My BMB report confirmed I had a Philadelphia chromosome negative myeloproliferative neoplasm and was positive for the JAK2V617F mutation. I was told the most likely diagnosis was essential thrombocythemia, and that this was an indolent condition that was unlikely to affect my life expectancy, however I was advised to take a 100mg Aspirin daily, to reduce the risk of blood clots. Despite this attempted reassurance, I struggled to come to terms with my new identity as a patient with a chronic disease that had the potential to progress, and with the dichotomy of now being both a clinician and a patient.

Diet…or disease?

Twelve months after my ET diagnosis, in addition to elevated platelets I noticed my haemoglobin (Hb) and haematocrit gradually increase above reference ranges, as did my white blood cell count. I have always had an adequate haemoglobin level of around 140mg/L, and even when I had my two children I was never been anaemic. I considered this evidence that my diet provided enough iron and as a dietitian, I took the credit for this! I now realized my high Hb was the result of my JAK2V617F positive mutational status, not the adequacy of my diet!

During this time I felt itchy, especially after a shower, was constantly tired, had tingling, aching muscles, dizziness when I turned my head too quickly and difficulty concentrating.

Over the next year, as I read more on MPNs I began to suspect I actually had polycythaemia vera (PV), rather than ET. Two years after my MPN diagnosis my haematologist confirmed I had PV and explained that despite my low cardiovascular disease risk factors, my symptoms indicated I needed cytoreductive treatment. I was prescribed venesection and given the choice of treatment with the chemotherapeutic agent Hydroxycarbamide (HU) or the immune modulator interferon (IFN). Over the next few days I trawled the internet, reading everything I could ‘get my hands’ on regarding MPN treatment, to decide what treatment I should take long term.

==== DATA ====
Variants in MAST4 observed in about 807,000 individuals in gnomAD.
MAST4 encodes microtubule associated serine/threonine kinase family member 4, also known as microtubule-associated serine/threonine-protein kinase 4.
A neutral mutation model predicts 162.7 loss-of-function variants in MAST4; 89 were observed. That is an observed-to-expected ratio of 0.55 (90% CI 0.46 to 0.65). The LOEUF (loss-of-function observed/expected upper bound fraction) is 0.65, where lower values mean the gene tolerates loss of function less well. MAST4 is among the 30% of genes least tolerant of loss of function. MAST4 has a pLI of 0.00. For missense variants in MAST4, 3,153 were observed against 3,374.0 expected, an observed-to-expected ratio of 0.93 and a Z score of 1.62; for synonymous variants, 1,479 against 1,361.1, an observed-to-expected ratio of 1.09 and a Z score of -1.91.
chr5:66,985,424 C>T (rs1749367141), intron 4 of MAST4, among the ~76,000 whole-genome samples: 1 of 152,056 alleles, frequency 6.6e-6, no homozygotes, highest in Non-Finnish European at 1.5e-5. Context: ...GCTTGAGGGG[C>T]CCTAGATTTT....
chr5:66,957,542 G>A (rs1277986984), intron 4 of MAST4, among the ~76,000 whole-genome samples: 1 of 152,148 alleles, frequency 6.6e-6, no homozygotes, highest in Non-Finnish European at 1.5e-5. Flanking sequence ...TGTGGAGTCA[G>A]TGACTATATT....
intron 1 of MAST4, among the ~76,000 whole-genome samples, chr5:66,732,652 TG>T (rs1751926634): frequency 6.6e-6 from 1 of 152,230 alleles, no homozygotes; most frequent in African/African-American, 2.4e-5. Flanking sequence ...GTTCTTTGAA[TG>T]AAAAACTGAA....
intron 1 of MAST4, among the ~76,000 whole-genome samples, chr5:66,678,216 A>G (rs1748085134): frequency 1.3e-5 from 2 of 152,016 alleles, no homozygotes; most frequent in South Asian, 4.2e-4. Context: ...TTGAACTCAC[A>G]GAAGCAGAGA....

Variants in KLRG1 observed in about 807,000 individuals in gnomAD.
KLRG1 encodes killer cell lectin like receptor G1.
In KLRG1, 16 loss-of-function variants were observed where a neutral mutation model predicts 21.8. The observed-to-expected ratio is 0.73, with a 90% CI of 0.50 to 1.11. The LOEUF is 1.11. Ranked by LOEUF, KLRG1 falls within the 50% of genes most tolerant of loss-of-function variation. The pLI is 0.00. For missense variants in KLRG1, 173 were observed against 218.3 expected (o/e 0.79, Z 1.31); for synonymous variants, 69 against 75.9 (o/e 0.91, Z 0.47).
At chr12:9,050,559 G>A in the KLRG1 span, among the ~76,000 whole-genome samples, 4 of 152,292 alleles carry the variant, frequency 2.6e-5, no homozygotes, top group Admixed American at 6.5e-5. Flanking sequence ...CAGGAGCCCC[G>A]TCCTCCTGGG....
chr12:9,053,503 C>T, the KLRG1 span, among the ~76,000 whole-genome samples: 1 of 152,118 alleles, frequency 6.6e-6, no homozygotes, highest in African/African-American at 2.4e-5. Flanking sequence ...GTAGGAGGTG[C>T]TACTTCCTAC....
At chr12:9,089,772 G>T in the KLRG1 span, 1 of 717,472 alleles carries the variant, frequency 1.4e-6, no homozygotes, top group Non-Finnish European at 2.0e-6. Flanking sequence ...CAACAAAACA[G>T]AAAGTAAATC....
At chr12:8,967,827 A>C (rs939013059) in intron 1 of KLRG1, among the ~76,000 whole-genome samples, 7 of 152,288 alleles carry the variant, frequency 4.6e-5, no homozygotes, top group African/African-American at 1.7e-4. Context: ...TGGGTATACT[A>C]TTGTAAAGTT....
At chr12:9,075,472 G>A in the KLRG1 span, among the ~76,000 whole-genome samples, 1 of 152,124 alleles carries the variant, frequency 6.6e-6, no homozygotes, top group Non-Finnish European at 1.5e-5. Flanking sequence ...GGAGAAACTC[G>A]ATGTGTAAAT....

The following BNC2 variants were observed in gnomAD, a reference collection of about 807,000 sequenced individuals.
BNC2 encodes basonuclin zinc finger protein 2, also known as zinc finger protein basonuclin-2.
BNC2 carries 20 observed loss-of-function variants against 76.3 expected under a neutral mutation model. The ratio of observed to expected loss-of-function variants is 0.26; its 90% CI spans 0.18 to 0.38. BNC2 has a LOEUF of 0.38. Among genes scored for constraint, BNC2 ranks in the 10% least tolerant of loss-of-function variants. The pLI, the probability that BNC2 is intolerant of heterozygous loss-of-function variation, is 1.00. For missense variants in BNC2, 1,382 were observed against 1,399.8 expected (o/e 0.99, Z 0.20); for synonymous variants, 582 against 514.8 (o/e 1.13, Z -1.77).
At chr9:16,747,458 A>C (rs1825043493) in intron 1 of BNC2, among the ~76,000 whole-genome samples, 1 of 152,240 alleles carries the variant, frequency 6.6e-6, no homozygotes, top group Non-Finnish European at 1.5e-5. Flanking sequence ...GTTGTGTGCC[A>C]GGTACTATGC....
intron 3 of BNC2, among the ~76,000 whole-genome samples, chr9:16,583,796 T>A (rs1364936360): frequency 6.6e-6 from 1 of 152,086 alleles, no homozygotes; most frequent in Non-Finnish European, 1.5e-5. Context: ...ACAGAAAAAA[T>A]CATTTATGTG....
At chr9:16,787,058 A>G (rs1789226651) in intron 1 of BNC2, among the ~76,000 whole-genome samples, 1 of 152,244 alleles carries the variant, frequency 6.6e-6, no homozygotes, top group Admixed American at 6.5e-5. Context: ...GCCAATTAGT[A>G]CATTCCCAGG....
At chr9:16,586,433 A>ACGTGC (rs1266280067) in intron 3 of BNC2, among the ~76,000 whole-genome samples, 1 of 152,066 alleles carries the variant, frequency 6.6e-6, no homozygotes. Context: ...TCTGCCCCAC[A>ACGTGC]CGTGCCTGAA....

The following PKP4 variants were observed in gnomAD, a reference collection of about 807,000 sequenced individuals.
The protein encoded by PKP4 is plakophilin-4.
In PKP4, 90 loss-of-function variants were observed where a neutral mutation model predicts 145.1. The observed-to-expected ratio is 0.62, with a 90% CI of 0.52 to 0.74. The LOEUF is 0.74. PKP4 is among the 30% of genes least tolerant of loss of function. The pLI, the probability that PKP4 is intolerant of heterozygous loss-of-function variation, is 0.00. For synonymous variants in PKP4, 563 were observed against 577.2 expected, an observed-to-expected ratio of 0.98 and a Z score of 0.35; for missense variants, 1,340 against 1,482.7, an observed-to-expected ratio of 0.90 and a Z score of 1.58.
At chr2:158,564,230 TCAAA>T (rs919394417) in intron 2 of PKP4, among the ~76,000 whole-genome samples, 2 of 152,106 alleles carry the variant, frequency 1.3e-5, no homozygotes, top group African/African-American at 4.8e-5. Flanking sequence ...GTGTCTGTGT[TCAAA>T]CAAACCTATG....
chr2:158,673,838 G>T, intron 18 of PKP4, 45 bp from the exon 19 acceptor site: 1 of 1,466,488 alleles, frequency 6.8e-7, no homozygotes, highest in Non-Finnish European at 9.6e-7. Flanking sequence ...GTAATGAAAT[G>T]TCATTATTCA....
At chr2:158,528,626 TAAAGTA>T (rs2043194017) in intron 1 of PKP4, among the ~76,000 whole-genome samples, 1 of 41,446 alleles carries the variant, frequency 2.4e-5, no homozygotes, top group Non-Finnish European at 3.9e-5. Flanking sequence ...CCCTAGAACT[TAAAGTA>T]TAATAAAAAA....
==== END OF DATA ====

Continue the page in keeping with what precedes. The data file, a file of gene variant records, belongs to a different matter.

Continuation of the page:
I drew up a table with columns summarizing the pros and cons of HU verses IFN for MPNs. This resulted in a confusing list of possible benefits and adverse effects of each drug. After deliberating, I remembered my haematologist’s advice that they were both genuine options for me so I went with my ‘gut feeling.’ I decided to start HU initially, to get my blood counts back down to safer levels, before trying Roferon® IFN, in the hope this would be a better treatment to control my disease long term, however I worried about whether I would tolerate it as Roferon® has notoriously unpleasant side effects. (At this time Pegasys®, the slow release, better tolerated form of IFN was not on the PBS for MPN and was only available ‘off label’ at a cost of about AUD$500.00 per weekly dose).